Like PostgreSQL and ClickHouse in Python a lot, quickly and immediately in numpy

Smashed a lot of mugs in search of a solution to quickly get long price histories for a large number of assets in Python. I also had the courage to work with prices in numpy-arrays, or better immediately in pandas.

Standard approaches in the forehead worked disappointingly, which led to the execution of a query to the database for 30 seconds or more. Not wanting to put up, I found several solutions that completely satisfied me.

Feet grow out of the object nature of Python. After all, he even has integers as objects, which extremely negatively affects the speed of work. I absolutely did not want to change the language.

The first solution was to group the price history by PostgreSQL, which led to a slight performance drop on the database side, but it accelerated the task by about 3 times. The method is described in more detail in another article.

As a result, an understanding emerged that in Python it is necessary to somehow get the entire data set in one piece, at least in a string. And disassembled by numpy-arrays or immediately in pandas.

Final results:


PostgreSQL forehead solution

We do grouping of the data in a sql-request. Example:

    string_agg(symbol::text, ',') AS symbol_list
    , string_agg(dt::text, ',') AS dt_list
    , string_agg(open::text, ',') AS open_list
    , string_agg(high::text, ',') AS high_list
    , string_agg(low::text, ',') AS low_list
    , string_agg("close"::text, ',') AS close_list
    , string_agg(volume::text, ',') AS volume_list
    , string_agg(adj::text, ',') AS adj_list
FROM v_prices_fast
WHERE symbol IN ('{symbols}')

Parse data is easy:

    'symbol': np.array(r[0].split(',')),  # str'dt': np.array(r[1].split(','), dtype='datetime64'),  # str w/type'open': np.fromstring(r[2], sep=','),  # numbers# ...

Productivity on ~ 1.7 million lines:

%timeit get_prices_fast(is_adj=False)  # 11.9s

Ready Python Packages

Python is good for its community, which faces similar problems. The following will suit our purpose:

  • odo - designed to optimize the speed of data transfer from one source to another. Fully in Python. It interacts with PostgreSQL through SQLAlchemy.
  • warp_prism - C-extension used by the Quantopian project to get data from PostgreSQL. It is based on odo functional.

Both packages use the PostgreSQL feature to copy data to CSV:

COPY {query} TO :path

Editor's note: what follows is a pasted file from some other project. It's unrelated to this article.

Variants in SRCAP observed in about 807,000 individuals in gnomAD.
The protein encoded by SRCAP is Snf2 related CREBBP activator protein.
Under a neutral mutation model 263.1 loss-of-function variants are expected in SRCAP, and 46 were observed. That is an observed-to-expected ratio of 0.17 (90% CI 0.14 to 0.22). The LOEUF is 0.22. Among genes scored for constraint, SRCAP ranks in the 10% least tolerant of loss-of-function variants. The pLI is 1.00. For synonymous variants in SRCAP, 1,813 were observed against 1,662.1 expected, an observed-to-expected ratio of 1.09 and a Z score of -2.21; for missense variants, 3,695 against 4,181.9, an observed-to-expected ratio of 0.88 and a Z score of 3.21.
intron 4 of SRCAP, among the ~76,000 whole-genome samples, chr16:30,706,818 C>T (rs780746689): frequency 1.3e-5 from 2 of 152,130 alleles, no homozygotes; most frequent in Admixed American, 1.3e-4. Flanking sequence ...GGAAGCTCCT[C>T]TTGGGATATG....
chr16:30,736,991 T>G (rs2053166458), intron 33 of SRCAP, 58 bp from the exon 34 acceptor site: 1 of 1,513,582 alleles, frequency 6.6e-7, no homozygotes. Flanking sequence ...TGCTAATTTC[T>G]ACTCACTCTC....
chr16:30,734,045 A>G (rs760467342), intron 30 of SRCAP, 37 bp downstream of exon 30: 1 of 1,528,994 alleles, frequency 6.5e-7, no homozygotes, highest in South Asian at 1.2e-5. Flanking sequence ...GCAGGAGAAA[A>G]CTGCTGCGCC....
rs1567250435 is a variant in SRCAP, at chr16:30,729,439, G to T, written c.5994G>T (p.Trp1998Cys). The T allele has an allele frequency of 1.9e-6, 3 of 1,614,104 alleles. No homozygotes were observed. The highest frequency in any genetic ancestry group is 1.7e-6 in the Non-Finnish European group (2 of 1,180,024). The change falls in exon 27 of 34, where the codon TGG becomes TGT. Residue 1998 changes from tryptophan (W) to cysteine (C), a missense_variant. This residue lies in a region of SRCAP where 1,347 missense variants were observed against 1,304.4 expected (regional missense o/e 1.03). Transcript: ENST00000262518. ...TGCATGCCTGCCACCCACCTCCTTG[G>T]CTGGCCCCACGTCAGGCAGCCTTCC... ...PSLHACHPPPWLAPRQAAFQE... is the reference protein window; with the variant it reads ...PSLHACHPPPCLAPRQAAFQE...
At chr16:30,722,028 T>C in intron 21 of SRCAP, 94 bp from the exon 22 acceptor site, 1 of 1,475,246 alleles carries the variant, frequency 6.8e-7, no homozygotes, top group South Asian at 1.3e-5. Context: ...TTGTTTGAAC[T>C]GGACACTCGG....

WITH (
        FORMAT CSV,
        HEADER :header,
        DELIMITER :delimiter,
        QUOTE :quotechar,
        NULL :na_value,
        ESCAPE :escapechar,
        ENCODING :encoding

At the output, the data is parsed in pandas.DataFrame () or numpy.ndarray ().

Since warp_prism is written in C, it has a significant advantage in the speed of data parsing. But at the same time has a significant drawback - limited support for data types. That is, it parses int, float, date, and str, but not numeric. Odo has no such restrictions.

To use, you need to describe the structure of the table and the query using the sqlalchemy package:

tbl_prices = sa.Table(
    'prices', metadata,
    sa.Column('symbol', sa.String(16)),
    sa.Column('dt', sa.Date),
    sa.Column('open', sa.FLOAT),
    sa.Column('high', sa.FLOAT),
    sa.Column('low', sa.FLOAT),
    sa.Column('close', sa.FLOAT),
    sa.Column('volume', sa.BIGINT),
    sa.Column('adj', sa.FLOAT),
query =
).order_by('symbol', 'dt')

Speed ​​tests:

%timeit odo(query, pd.DataFrame, bind=engine)  # 13.8s
%timeit warp_prism.to_dataframe(query, bind=engine)  # 8.4s
%timeit warp_prism.to_arrays(query, bind=engine)  # 8.0s

warp_prism.to_arrays () - preparing a python dictionary with numpy arrays.

What can be done with ClickHouse?

PostgreSQL is all good, except for appetite with the size of the storage and the need to adjust sharding for large tables. ClickHouse itself shorts, stores everything compactly, and works with lightning speed. For example, a PostgreSQL table with a size of ~ 5Gb in ClickHouse fits into ~ 1Gb. Using ClickHouse to store prices is described in another article.

To my chagrin, odo did not help, even though there is a clickhouse extension for sqlalchemy. Memories of the speed of the clickhouse in the console led me to the idea of ​​accessing the database through the creation of a separate process. I know that this is a long and resource-intensive, but the results were beyond all praise.

sql = 'SELECT days.symbol,,, days.high/10000, days.low/10000, days.close/10000, days.volume FROM days ' \
      'WHERE days.symbol IN (\'{0}\') ORDER BY days.symbol,;'.format("','".join(SYMBOLS))
cmd = 'clickhouse-client --query="{0}"'.format(sql)
    p = subprocess.Popen([cmd], stdin=subprocess.PIPE, stdout=subprocess.PIPE, stderr=subprocess.PIPE, shell=True)
    return, sep="\t", names=['symbol', 'date', 'open', 'high', 'low', 'close', 'volume'])


%timeit ch_pandas(cmd)  # 1.6s

ClickHouse HTTP Port Request

The results slightly worsened when accessing directly to port 8123, where the database responds:

import urllib
%timeit'http://localhost:8123/?{0}'.format(urllib.parse.urlencode({'query': sql})), sep="\t", names=['symbol', 'date', 'open', 'high', 'low', 'close', 'volume'])
# 1.9s

But not without a spoon of tar.

Spoon of tar with ClickHouse

The database was impressive on large samples, but on small results they were disappointing. ~ 20 times worse than odo. But this is the cost of an additional body kit with the launch of the process or appeal to HTTP.




This article is the quest for accelerating the interaction between Python and databases is over. For PostgreSQL, with standard fields and the need for universal access to prices, the best way is to use Quantopian's warp_prism package. If you need to store large amounts of history and a high frequency of requests for a large number of lines, ClickHouse is ideal.

Also popular now: